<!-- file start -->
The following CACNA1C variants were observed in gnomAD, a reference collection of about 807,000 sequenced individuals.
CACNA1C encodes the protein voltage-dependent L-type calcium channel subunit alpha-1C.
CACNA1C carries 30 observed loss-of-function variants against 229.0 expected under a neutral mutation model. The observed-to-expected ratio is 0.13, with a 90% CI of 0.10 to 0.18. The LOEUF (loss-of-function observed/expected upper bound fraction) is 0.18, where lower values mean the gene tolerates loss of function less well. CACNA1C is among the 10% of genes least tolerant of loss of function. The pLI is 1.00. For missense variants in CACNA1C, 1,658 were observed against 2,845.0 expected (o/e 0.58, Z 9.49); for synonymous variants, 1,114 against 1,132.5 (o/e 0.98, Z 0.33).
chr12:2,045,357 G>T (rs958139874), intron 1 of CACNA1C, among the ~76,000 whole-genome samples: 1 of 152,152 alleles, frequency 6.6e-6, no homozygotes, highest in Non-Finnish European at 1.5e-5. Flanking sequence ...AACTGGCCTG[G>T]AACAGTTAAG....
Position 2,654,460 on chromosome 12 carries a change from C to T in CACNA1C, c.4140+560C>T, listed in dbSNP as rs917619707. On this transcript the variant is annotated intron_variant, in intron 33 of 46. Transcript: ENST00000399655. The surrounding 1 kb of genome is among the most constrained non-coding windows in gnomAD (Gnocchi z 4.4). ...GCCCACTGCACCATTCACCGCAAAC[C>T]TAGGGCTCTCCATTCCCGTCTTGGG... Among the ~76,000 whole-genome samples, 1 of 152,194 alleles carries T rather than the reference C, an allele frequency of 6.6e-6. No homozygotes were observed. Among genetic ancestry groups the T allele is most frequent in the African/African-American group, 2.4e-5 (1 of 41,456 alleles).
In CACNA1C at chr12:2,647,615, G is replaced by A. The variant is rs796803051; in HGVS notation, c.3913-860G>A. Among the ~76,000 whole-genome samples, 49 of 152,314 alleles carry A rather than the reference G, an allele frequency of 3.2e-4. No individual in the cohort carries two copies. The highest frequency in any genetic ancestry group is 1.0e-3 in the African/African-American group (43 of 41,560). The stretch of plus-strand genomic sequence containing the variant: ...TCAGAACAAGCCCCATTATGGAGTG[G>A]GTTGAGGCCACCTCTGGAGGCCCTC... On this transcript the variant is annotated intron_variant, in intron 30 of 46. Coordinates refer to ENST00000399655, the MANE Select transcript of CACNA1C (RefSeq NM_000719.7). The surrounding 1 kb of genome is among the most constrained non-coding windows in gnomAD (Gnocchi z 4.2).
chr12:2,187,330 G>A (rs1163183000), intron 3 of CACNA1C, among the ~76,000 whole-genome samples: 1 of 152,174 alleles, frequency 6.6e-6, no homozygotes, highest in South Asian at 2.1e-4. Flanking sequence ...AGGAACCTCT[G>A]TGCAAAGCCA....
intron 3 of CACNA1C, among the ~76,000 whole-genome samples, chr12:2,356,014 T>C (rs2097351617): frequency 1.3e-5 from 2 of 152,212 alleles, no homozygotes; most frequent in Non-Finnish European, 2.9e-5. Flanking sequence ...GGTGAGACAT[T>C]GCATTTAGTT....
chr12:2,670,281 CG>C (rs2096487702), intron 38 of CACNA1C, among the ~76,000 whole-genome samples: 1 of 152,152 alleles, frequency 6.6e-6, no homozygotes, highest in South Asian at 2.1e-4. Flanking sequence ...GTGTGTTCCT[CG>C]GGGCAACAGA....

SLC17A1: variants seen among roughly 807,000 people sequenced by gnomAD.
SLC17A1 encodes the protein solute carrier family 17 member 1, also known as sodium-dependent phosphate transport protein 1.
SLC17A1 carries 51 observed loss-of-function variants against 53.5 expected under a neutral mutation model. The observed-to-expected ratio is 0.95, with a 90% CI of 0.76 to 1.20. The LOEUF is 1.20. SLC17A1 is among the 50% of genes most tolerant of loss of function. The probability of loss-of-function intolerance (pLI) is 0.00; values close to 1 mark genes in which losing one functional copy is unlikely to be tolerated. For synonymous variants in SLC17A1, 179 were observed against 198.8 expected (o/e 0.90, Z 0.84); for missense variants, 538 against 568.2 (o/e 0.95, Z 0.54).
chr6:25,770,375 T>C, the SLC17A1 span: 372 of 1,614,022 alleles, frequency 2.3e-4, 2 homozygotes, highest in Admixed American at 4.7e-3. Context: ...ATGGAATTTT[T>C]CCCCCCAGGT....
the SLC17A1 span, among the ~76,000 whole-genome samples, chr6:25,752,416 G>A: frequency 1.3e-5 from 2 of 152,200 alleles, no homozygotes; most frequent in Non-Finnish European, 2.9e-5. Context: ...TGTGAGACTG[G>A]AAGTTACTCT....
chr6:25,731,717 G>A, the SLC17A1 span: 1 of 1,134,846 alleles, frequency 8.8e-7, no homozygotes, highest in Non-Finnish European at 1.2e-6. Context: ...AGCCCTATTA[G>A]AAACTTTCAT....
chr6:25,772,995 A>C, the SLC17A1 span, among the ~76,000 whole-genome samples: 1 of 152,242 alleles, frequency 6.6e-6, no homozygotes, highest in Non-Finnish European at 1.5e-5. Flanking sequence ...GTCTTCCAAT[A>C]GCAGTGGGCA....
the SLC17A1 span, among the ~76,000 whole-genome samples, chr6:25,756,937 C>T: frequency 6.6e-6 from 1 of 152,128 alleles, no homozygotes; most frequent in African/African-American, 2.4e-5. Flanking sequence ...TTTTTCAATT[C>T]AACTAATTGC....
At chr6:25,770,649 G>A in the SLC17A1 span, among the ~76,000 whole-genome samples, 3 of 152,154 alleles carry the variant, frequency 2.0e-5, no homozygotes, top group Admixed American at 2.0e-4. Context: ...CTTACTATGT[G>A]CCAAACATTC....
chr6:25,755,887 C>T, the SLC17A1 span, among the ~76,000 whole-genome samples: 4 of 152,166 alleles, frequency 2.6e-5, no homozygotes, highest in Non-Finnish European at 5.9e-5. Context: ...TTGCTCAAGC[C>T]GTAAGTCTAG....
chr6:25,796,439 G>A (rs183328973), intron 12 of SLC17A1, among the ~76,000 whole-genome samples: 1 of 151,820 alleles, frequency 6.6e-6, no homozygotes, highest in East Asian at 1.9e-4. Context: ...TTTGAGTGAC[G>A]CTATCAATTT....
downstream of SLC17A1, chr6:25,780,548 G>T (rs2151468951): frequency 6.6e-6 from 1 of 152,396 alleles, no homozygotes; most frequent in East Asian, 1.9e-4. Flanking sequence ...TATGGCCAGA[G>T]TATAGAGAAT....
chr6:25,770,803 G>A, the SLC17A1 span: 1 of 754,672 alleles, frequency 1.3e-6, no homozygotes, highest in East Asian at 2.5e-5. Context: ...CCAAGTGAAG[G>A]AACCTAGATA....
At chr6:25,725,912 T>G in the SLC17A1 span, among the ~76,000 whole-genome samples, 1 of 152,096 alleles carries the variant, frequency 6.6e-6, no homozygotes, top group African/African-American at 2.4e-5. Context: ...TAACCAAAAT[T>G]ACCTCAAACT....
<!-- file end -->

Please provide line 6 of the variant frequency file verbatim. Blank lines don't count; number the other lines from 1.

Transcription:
In CACNA1C at chr12:2,647,615, G is replaced by A. The variant is rs796803051; in HGVS notation, c.3913-860G>A. Among the ~76,000 whole-genome samples, 49 of 152,314 alleles carry A rather than the reference G, an allele frequency of 3.2e-4. No individual in the cohort carries two copies. The highest frequency in any genetic ancestry group is 1.0e-3 in the African/African-American group (43 of 41,560). The stretch of plus-strand genomic sequence containing the variant: ...TCAGAACAAGCCCCATTATGGAGTG[G>A]GTTGAGGCCACCTCTGGAGGCCCTC... On this transcript the variant is annotated intron_variant, in intron 30 of 46. Coordinates refer to ENST00000399655, the MANE Select transcript of CACNA1C (RefSeq NM_000719.7). The surrounding 1 kb of genome is among the most constrained non-coding windows in gnomAD (Gnocchi z 4.2).